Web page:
There is also a schools food growing and education programme in the four priority wards. This includes a range of initiatives such as providing:

  • healthy eating training for school staff and parents
  • information on sustainability and food for the school curriculum - prepared by council staff
  • food growing in schools and support and skills for this - from the Capital Growth fund.

Also included is a project to improve the amount and quality of fresh food in two convenience stores in the priority wards: NHS Camden is funding London's Buywell programme, which aims to increase sales of fruit and vegetables by improving:

  • its quality
  • where it is located in the shop
  • how it is stored and displayed.

This is building on the successful pilot project in the London Borough of Tower Hamlets.

There is also a plan to increase food growing in the priority wards. There is considerable enthusiasm for food growing in these (and other) areas, but space is very limited. The council is aiming to improve this by, for example, making some public space areas available for growing food. The authority's Healthy Communities team also provides residents with support and advice.

The Good Food Partnership continues to meet. It is becoming more independent of the council and the PCT. It has recently established a core group whose membership reflects the different themes of the strategy.

Having a strategy that spells out the links between healthy and sustainable food has helped people understand these connections in practice.

Take the revised contract to supply food in schools. David Wilson, Sustainability Officer at Camden Council, reports that sustainability aspects "might not have been considered" as part of revising the school food contract. But having a document that demonstrated the links with health, "…has brought it all together for people".

The contract now specifies Marine Stewardship Council (MSC)-certified fish (from a sustainable source) and other ingredients that should be fairly traded or ethically sourced. This is a huge benefit for improving the overall sustainability of what is supplied and an example of how the strategy has been implemented down to a very detailed level.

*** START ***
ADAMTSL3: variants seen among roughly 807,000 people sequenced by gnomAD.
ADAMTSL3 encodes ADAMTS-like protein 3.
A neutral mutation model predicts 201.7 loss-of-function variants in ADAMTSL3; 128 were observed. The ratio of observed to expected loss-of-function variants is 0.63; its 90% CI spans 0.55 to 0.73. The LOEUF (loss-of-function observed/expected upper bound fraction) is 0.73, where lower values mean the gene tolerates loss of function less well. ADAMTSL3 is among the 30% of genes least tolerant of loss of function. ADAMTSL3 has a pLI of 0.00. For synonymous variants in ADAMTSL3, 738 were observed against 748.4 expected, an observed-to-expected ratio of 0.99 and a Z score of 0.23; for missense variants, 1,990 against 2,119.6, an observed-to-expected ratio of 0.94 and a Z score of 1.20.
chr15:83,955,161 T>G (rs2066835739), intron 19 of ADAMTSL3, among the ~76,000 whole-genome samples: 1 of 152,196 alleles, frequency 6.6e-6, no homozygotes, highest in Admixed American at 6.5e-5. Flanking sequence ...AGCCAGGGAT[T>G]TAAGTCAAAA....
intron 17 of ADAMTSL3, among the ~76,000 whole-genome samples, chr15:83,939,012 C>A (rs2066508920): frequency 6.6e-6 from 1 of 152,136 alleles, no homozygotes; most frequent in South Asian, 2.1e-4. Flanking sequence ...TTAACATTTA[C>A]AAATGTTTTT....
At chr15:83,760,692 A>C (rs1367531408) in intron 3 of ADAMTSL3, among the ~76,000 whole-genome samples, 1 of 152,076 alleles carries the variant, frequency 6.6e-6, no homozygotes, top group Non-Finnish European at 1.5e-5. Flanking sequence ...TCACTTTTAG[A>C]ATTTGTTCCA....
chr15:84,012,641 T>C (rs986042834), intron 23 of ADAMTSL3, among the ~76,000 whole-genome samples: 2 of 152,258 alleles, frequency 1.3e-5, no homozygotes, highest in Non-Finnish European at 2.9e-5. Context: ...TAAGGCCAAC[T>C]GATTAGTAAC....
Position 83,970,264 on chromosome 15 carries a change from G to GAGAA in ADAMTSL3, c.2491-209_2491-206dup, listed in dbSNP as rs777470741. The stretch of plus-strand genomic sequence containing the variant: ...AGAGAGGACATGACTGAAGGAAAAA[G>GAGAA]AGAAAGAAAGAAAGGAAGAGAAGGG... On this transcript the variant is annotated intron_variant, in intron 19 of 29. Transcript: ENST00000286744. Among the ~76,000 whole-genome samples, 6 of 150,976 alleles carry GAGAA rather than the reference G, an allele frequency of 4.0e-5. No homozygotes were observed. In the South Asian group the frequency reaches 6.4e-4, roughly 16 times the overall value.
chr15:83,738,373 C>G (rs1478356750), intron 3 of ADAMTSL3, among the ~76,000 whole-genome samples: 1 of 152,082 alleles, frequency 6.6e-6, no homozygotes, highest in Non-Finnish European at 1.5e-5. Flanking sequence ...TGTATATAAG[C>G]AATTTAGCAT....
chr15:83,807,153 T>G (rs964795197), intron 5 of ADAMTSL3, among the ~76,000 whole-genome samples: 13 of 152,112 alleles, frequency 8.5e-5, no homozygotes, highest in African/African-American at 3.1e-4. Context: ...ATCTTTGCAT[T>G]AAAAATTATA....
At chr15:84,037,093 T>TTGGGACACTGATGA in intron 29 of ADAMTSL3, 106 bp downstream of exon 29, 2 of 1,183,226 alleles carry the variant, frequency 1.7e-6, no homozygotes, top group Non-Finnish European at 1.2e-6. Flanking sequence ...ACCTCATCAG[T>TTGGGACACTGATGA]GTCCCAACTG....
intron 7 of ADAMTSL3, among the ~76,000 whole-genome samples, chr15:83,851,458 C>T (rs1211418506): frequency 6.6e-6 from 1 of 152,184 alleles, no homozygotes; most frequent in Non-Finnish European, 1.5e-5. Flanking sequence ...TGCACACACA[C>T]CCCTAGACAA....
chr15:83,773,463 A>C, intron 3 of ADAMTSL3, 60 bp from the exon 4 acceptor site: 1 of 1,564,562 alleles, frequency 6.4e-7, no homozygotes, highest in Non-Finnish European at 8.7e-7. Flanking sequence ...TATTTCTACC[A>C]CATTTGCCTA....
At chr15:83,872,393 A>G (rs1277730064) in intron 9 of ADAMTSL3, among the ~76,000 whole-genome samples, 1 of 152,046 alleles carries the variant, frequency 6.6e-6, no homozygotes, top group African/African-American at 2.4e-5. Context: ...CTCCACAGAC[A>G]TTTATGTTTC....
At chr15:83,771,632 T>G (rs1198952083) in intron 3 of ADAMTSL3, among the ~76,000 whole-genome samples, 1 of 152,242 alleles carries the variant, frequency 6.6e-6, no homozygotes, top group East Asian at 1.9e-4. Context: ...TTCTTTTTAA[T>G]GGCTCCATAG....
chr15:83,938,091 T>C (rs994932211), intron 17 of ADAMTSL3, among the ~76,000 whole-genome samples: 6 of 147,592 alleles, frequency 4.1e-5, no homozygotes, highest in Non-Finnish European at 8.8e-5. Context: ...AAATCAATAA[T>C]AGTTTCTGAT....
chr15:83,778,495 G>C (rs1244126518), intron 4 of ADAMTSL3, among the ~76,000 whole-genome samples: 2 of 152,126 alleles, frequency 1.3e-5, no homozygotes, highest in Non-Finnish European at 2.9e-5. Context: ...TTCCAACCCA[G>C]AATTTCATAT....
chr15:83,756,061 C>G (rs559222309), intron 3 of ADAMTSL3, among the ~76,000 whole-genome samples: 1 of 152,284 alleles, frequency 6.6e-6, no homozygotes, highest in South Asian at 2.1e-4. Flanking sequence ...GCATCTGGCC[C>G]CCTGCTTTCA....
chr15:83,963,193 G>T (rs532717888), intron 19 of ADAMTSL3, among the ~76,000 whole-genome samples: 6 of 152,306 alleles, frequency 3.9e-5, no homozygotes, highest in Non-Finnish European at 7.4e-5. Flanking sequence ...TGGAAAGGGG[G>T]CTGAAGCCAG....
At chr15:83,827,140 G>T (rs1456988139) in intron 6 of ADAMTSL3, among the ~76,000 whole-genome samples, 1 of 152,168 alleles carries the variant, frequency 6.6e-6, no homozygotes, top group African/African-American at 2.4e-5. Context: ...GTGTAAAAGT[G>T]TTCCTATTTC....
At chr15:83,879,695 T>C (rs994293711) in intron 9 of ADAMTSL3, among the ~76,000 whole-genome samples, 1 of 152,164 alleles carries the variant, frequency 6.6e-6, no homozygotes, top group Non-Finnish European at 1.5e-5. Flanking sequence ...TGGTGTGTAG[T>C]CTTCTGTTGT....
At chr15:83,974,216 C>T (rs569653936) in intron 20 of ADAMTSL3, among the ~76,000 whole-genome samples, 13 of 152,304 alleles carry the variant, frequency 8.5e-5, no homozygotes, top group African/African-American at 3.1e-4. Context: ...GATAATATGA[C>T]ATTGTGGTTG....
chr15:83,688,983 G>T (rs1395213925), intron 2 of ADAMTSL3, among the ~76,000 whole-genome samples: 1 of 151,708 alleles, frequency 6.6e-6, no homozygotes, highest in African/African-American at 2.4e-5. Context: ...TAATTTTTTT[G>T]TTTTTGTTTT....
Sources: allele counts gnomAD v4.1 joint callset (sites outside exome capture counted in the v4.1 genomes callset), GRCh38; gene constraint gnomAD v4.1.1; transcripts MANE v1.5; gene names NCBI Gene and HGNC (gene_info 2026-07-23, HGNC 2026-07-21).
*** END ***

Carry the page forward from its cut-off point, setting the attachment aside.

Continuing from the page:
Suppliers will also need to monitor carbon emissions and waste generated as part of fulfilling their contractual obligations. This will help the council to monitor whether it is achieving its own targets to reduce overall levels of carbon and waste.

The inclusion of targets on MSC-sourced fish and other accredited schemes is one example of how the strategy has been integrated down to a very detailed level. The school food contract will be renewed in 2011/12 and will last for at least five years.

The PCT has also made sure that the strategy's emphasis on reducing health inequalities is written into the contract. This is by setting nutritional standards that the supplier will need to meet, based on the national standards set by the Department for Education (DoE) and other standards stipulated by the boroughs.

The strategy has also helped to facilitate new energy and connections in the third sector. The partnership has put organisations in touch which share similar values and aspirations, but which previously did not know each other existed.

It is also having a direct impact on the ability of some of these organisations to get funding. According to Wilson, feedback suggests that some funding bids "…wouldn't have been able to get off the ground without linking into the strategy… having it there has really tipped the balance."

Costs

NHS Camden funded developing the strategy. The total amount has been £198,000, which includes approximately £30,000 for the funding of various projects such as school food growing training and the Buywell project.

Next steps

Facilitating this ownership is crucial for the longer-term success of the strategy, which will rely on the partnership for much of its implementation. This is especially so in light of the likely funding cuts to the public sector. Strategies will need to demonstrate how they can help to meet strategic commitments, such as reducing carbon emissions or tackling obesity.

Contacts and links

David Wilson
Sustainability Officer
London Borough of Camden
Telephone: 020 7974 3410
Email: david.wilson@camden.gov.uk

Andrea Pruscino
Healthy Workplace Dietician
NHS Camden
Telephone: 020 3317 3561
Email: andrea.pruscino@camdenpct.nhs.uk

Good Food for Camden strategy - on the Camden NHS website

Buywell project

 

19 January 2015